Clean the lint filter of your tumble dryer as often as possible. This will save energy by making sure it runs properly. Similarly, if you can access the back of your fridge, give the coils a quick hoover every now and then to keep it working efficiently.

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What is energy efficiency?

Watch this video by EU energy for an overview on what energy efficiency is.

As we head towards a more sustainable net-zero future, reducing our energy use is a win-win: not only will it save us money, but it will help save the planet from the impact of climate change as well.

The cost of boiling a kettle, turning on the lights or charging your mobile phone all add up. With the price of energy tariffs higher than in the past, there has never been a better incentive to start saving gas and electric.

As well as saving you money by cutting your bills, becoming more energy efficient will also mean less burning of fossil fuels. Burning fossil fuels to produce electricity increases carbon emissions, which are linked to climate change.

How much energy are you using?

The information on a typical energy bill can be confusing but understanding it can go a long way to helping you get to grips with your energy use at home. This video from Home Energy Scotland is a helpful guide.

Once you know how much energy you’re using, you can work out how to save electricity/gas and increase your energy efficiency.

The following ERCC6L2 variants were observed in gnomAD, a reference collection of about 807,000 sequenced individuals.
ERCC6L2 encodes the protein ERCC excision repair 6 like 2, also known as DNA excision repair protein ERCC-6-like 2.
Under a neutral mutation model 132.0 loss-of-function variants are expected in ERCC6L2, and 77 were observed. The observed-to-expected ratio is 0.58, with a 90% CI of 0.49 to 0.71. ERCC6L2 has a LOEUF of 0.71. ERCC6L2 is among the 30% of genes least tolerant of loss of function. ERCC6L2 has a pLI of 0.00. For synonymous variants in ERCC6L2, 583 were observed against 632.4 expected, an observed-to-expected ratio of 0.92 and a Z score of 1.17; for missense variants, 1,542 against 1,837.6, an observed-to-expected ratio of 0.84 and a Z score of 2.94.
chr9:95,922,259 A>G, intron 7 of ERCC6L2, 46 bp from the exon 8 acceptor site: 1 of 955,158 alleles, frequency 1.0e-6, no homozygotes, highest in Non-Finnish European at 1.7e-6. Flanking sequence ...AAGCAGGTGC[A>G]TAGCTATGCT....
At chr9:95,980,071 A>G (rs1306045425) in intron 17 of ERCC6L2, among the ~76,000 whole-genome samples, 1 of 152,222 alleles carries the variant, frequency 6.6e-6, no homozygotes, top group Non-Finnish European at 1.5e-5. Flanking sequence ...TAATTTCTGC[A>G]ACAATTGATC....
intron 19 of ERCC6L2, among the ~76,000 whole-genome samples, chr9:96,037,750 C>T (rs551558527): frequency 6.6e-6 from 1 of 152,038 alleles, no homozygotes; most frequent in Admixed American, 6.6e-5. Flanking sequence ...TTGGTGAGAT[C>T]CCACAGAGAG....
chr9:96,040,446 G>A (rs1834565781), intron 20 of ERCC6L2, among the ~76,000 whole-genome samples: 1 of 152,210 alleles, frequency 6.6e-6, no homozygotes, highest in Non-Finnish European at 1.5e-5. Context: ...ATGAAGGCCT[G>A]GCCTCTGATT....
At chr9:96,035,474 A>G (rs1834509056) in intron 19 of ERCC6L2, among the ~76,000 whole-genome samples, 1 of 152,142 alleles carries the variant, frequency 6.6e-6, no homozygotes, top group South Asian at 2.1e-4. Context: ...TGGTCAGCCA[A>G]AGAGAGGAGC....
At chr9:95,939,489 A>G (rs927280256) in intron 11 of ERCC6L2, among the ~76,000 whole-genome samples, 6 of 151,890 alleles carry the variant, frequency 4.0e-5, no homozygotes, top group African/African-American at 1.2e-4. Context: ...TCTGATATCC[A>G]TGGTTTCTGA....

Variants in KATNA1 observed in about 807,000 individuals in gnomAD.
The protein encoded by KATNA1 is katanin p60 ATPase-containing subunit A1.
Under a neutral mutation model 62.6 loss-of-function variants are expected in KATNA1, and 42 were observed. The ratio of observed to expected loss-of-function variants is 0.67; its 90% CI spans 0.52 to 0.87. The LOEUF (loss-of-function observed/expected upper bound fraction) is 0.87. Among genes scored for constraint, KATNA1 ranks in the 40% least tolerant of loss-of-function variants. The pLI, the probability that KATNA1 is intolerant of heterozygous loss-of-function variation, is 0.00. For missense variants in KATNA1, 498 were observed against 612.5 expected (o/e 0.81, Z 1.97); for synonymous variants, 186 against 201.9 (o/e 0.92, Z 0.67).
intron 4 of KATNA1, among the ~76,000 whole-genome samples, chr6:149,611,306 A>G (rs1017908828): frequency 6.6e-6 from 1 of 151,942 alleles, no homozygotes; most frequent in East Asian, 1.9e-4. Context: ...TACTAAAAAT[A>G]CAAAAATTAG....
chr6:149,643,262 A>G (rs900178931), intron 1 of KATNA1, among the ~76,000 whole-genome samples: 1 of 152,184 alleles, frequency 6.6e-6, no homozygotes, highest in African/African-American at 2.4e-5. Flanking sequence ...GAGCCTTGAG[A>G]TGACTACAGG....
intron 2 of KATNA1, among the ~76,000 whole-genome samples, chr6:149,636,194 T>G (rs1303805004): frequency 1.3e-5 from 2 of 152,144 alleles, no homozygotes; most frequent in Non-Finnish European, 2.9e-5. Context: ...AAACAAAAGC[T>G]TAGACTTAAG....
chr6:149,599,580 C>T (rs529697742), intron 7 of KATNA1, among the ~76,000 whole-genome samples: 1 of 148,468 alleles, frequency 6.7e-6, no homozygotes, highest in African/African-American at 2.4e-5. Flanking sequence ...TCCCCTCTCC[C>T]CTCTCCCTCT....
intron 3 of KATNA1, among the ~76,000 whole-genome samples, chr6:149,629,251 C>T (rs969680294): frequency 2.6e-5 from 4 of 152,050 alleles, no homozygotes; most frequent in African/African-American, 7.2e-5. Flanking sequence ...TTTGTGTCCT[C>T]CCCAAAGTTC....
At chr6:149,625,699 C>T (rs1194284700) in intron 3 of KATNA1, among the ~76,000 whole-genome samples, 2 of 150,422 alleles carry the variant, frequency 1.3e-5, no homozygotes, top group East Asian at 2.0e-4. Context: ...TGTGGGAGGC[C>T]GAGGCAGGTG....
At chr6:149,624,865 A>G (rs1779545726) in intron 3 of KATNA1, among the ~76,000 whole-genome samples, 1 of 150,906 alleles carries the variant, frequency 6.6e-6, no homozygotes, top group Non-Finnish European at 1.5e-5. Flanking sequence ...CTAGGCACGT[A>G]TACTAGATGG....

What you pay for energy depends on your usage and who you share your home with. It could also vary depending on where you are in the UK, and the type of appliances you have. For example, some freezers are more energy efficient than others.

Follow this link to see how much your appliances cost you.

Shop and save

When it’s time to buy a new white good, such as a washing machine, choose one with a high energy-efficiency rating. This will save you money. An A+++ washing machine will typically use £65 less energy than an A+ one over an 11-year product lifespan. An A+++ fridge freezer will save around £320 in energy bills over its lifetime compared to an A+ model.

Look out for energy labels on appliances, they look like the one here.

Review your energy tariff

Make sure you’re on the best energy tariff. Get in touch with your energy supplier to understand what tariffs they provide and compare what they offer with other providers before agreeing a contract.  You can also use a comparison website or phone different energy suppliers to check rates. Look ways we can support you to do this.